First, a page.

Okay. I think I have the tools to do a leak-down test, but I'll have to fix the portable air tank where it's leaking at the fitting. Figure start with the portable tank at 125psi, pressurize the cylinder, take a reading, come back some time later and take another reading?

Plug tips were pretty nasty when I pulled them, but I don't know how much maintenance this thing got either. Clutch is very awkward, it grabs suddenly pretty close to the floor when letting-off, so at a minimum I need to bleed the clutch and see if that helps. It doesn't slip at all so I don't think that it's actually bad inside of the bellhousing, but it's a pain to drive.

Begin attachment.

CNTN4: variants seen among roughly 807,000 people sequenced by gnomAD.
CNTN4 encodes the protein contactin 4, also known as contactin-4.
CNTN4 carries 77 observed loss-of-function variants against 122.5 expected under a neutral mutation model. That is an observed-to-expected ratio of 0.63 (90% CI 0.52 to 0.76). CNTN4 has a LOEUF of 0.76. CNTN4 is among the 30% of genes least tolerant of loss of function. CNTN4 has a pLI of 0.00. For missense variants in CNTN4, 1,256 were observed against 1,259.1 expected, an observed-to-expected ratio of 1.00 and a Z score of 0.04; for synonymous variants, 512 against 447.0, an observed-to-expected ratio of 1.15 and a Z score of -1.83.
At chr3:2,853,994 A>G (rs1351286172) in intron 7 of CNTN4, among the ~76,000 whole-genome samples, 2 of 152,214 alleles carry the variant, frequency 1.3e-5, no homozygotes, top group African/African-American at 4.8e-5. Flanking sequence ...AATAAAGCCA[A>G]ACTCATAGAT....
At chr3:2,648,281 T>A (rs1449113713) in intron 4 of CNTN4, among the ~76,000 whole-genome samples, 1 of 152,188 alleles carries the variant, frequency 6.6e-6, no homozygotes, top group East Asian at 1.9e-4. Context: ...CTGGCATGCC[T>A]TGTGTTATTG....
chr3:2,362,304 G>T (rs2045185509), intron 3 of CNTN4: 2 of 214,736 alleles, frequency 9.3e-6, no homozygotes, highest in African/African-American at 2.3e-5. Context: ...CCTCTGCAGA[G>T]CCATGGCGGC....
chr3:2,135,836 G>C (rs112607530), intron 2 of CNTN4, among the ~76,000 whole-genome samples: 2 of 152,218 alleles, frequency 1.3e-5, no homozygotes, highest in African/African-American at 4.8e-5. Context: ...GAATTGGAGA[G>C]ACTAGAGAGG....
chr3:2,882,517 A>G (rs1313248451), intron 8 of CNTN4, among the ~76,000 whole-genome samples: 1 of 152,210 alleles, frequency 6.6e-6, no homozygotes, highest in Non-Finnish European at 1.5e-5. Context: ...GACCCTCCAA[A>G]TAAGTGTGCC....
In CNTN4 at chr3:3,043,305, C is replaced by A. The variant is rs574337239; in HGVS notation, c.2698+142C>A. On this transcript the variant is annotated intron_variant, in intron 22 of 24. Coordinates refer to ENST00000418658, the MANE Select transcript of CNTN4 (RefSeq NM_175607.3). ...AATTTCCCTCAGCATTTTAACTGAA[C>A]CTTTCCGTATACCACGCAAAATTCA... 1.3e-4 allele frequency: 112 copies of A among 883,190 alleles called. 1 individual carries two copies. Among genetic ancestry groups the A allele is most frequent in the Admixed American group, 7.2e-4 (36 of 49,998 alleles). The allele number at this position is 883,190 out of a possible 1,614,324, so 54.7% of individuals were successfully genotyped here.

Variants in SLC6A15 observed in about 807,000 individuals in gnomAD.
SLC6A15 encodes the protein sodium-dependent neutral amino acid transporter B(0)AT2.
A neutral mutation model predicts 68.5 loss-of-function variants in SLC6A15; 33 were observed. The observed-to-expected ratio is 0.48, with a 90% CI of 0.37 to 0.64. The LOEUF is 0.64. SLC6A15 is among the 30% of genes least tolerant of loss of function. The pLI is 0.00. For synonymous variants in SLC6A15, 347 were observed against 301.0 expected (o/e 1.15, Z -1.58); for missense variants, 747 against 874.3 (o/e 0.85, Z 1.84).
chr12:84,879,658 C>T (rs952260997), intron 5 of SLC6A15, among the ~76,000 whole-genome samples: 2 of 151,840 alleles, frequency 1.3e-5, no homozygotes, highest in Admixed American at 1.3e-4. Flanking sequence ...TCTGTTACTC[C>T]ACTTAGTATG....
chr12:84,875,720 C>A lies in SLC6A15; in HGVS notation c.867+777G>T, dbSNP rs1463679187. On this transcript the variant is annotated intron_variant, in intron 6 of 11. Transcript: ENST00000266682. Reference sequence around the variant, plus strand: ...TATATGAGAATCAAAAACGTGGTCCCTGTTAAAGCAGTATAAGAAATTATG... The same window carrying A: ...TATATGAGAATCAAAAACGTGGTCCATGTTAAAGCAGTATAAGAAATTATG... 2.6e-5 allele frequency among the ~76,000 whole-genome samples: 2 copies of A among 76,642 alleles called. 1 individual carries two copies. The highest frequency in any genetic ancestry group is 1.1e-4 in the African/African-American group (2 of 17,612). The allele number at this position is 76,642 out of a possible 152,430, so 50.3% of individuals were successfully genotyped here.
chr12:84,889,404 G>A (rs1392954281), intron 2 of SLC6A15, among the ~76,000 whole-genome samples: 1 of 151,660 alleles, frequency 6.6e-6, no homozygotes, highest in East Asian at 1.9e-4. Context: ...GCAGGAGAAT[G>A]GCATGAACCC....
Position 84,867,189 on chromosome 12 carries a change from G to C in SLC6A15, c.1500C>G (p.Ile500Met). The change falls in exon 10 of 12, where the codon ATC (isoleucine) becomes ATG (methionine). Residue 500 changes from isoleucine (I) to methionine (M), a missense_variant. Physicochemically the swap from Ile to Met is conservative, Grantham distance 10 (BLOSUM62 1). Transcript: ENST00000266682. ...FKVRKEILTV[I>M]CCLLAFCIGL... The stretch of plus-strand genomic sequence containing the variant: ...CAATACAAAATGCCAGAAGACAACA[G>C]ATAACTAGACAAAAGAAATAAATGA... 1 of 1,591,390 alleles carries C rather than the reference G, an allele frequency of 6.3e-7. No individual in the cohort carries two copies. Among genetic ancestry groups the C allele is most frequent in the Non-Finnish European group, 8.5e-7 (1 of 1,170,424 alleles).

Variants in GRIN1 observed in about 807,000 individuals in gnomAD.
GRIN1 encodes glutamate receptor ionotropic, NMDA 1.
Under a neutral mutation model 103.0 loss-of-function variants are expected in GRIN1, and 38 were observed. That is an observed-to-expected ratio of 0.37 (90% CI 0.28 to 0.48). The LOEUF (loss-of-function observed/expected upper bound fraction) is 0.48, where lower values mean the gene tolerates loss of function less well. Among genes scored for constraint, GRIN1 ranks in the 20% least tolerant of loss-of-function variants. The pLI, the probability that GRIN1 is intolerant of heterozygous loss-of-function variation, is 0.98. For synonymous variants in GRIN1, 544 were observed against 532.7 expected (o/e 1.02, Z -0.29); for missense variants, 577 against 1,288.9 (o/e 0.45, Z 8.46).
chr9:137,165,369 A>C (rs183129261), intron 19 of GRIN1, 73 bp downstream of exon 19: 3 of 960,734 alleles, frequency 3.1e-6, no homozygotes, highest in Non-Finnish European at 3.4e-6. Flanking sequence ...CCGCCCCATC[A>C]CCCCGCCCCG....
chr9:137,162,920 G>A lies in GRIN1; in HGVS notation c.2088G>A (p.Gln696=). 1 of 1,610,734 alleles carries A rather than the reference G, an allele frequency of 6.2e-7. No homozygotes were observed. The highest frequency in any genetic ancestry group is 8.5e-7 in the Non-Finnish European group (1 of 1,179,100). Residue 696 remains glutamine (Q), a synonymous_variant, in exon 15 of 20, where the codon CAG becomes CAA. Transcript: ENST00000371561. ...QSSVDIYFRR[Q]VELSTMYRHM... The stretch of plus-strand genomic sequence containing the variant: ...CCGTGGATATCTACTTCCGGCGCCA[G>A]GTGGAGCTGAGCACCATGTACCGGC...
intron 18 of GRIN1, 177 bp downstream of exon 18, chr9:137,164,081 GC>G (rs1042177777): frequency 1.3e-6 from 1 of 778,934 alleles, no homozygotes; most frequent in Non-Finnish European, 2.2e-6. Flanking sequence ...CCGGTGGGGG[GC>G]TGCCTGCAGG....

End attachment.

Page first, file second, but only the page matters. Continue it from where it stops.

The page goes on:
A CEL came on as I headed to work, turn around and parked it and took another vehicle. Will pull the seat and check codes when I get home. Wish that the computer was in a better spot...
 

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If you apply air pressure to the spark plug hole and the cylinder exits are sealed, you should be able to determine if there is a leak right away. Just listen for the hiss and locate where the air is escaping from.
 

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DO NOT FEED THE TROLLS!
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Discussion Starter #7
So I need to be at TDC between compression and ignition strokes then...
 
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Yup. So turn the engine by hand until you are at TDC by the timing mark, and if you hear a massive leak, that means you need to rotate the crank another 180 until you are at the top of compression stroke and both valves are closed.
 

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DO NOT FEED THE TROLLS!